Columbus, Ohio -- Despite current safety efforts, thousands of U.S. children need emergency medical care for preventable lawn mower-related injuries each year. According to a study published in the August issue of Pediatrics and conducted by researchers at the Center for Injury Research and Policy (CIRP) in the Columbus Children's Research Institute at Columbus Children's Hospital, an average of 9,400 persons 20 years old and younger receive treatment in a U.S. hospital emergency department annually, with 25% of the injuries incurred by children younger than five years.
Using data from the National Electronic Injury Surveillance System of the U.S. Consumer Product Safety Commission, researchers analyzed an estimated 140,700 lawn mower-related injuries to children who were 20 years of age and younger treated in hospital emergency departments from 1990 through 2004.
"Lawn mowers are an important cause of pediatric injury," said CIRP Director Gary Smith, MD, DrPH, the senior study author and a faculty member of The Ohio State University (OSU) College of Medicine. "We found that the annual number of lawn mower-related injuries remained relatively consistent during the 15-year period studied, which demonstrates that current injury prevention strategies are inadequate. 'Passive' (or automatic) protection that is provided by safer product design is the strategy with the highest likelihood of success in preventing these types of injuries."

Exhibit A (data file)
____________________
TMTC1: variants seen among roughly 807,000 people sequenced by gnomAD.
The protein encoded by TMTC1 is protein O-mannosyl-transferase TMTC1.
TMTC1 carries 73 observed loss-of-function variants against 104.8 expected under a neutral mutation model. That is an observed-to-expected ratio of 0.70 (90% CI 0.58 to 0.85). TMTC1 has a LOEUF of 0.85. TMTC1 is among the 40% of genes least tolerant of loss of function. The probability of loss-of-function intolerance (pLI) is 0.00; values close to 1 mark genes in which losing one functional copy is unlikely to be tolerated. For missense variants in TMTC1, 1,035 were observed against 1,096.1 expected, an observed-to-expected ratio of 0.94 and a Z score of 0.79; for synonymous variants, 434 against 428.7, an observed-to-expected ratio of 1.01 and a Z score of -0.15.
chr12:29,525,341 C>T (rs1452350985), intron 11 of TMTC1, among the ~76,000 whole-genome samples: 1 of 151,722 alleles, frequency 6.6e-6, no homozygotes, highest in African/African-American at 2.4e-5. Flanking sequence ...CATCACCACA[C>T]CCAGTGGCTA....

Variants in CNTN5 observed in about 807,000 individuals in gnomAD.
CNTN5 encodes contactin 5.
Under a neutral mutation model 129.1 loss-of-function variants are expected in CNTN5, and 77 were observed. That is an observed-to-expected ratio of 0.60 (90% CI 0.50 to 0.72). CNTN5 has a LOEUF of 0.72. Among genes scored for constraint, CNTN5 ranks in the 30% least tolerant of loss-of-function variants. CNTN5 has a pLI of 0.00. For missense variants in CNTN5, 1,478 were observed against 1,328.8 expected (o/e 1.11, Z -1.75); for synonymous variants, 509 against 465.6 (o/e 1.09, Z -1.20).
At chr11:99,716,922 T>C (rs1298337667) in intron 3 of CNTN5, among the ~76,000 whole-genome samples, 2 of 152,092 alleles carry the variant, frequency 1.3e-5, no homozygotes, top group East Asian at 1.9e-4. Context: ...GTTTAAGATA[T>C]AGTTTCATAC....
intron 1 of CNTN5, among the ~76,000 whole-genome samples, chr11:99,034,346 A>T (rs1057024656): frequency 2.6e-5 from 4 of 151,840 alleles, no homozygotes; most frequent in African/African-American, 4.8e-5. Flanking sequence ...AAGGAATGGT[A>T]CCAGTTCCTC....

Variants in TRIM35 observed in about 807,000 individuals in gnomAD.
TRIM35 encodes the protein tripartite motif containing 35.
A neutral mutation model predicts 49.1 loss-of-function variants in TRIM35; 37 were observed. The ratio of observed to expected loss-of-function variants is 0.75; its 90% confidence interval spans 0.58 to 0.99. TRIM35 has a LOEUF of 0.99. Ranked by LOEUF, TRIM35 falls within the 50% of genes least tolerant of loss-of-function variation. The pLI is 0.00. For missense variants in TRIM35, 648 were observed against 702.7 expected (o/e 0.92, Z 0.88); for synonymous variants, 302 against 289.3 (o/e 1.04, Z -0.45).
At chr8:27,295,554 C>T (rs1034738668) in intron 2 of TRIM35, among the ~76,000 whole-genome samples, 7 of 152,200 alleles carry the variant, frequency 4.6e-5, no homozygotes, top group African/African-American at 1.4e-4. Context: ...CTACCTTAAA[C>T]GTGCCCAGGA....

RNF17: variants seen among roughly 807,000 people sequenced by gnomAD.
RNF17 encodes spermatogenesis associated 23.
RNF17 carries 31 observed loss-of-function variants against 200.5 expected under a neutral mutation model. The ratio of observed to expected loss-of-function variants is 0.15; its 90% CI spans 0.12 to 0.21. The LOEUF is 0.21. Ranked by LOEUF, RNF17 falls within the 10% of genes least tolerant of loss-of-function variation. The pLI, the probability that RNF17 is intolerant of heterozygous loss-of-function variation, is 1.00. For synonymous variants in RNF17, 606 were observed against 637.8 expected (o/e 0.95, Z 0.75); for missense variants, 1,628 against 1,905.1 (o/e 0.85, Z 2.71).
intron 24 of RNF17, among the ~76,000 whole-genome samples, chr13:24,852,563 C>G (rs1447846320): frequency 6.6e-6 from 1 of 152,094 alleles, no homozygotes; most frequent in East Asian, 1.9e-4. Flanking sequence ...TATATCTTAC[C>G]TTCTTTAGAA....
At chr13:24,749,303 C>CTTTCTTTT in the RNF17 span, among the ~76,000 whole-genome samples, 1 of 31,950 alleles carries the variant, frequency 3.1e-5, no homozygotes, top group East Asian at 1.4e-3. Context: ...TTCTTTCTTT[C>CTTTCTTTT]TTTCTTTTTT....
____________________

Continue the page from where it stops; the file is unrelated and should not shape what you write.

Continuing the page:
Boys sustained 78% of the injuries with the average age of those injured falling between 10 and 11 years old. Lacerations (41%) were the leading type of injury, followed by soft tissue injuries (21%), burns (15%) and fractures (10%). The most common body region involved was the hand/finger (34%), followed by lower extremity (almost 19%) and foot/toe (nearly 18%). Eye and facial injuries accounted for 10% and upper extremity injuries accounted for 7%. Ninety-seven percent of amputation injuries occ
Contact: Kristyn Wilson
Columbus Children's Hospital